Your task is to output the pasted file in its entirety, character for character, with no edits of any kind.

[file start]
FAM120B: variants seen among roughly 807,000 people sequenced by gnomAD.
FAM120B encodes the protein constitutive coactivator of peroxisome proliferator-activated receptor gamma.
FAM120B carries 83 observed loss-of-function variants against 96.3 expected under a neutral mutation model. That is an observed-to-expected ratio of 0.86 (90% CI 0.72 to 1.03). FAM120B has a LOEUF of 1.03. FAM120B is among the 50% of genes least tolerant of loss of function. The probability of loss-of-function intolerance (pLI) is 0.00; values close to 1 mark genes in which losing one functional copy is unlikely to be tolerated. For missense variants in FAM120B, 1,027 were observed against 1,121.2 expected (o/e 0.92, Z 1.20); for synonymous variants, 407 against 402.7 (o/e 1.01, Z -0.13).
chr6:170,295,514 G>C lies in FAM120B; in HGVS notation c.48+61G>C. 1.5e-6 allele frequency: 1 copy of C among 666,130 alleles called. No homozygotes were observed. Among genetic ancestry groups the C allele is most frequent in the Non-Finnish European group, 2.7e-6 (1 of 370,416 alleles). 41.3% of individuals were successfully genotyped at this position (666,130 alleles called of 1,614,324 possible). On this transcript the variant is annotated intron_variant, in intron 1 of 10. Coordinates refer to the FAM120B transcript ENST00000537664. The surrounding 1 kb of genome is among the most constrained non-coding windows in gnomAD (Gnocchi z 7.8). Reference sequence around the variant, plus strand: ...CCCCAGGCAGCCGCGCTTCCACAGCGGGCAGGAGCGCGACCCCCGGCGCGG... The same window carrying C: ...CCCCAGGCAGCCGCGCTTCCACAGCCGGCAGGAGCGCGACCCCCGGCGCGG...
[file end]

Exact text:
FAM120B: variants seen among roughly 807,000 people sequenced by gnomAD.
FAM120B encodes the protein constitutive coactivator of peroxisome proliferator-activated receptor gamma.
FAM120B carries 83 observed loss-of-function variants against 96.3 expected under a neutral mutation model. That is an observed-to-expected ratio of 0.86 (90% CI 0.72 to 1.03). FAM120B has a LOEUF of 1.03. FAM120B is among the 50% of genes least tolerant of loss of function. The probability of loss-of-function intolerance (pLI) is 0.00; values close to 1 mark genes in which losing one functional copy is unlikely to be tolerated. For missense variants in FAM120B, 1,027 were observed against 1,121.2 expected (o/e 0.92, Z 1.20); for synonymous variants, 407 against 402.7 (o/e 1.01, Z -0.13).
chr6:170,295,514 G>C lies in FAM120B; in HGVS notation c.48+61G>C. 1.5e-6 allele frequency: 1 copy of C among 666,130 alleles called. No homozygotes were observed. Among genetic ancestry groups the C allele is most frequent in the Non-Finnish European group, 2.7e-6 (1 of 370,416 alleles). 41.3% of individuals were successfully genotyped at this position (666,130 alleles called of 1,614,324 possible). On this transcript the variant is annotated intron_variant, in intron 1 of 10. Coordinates refer to the FAM120B transcript ENST00000537664. The surrounding 1 kb of genome is among the most constrained non-coding windows in gnomAD (Gnocchi z 7.8). Reference sequence around the variant, plus strand: ...CCCCAGGCAGCCGCGCTTCCACAGCGGGCAGGAGCGCGACCCCCGGCGCGG... The same window carrying C: ...CCCCAGGCAGCCGCGCTTCCACAGCCGGCAGGAGCGCGACCCCCGGCGCGG...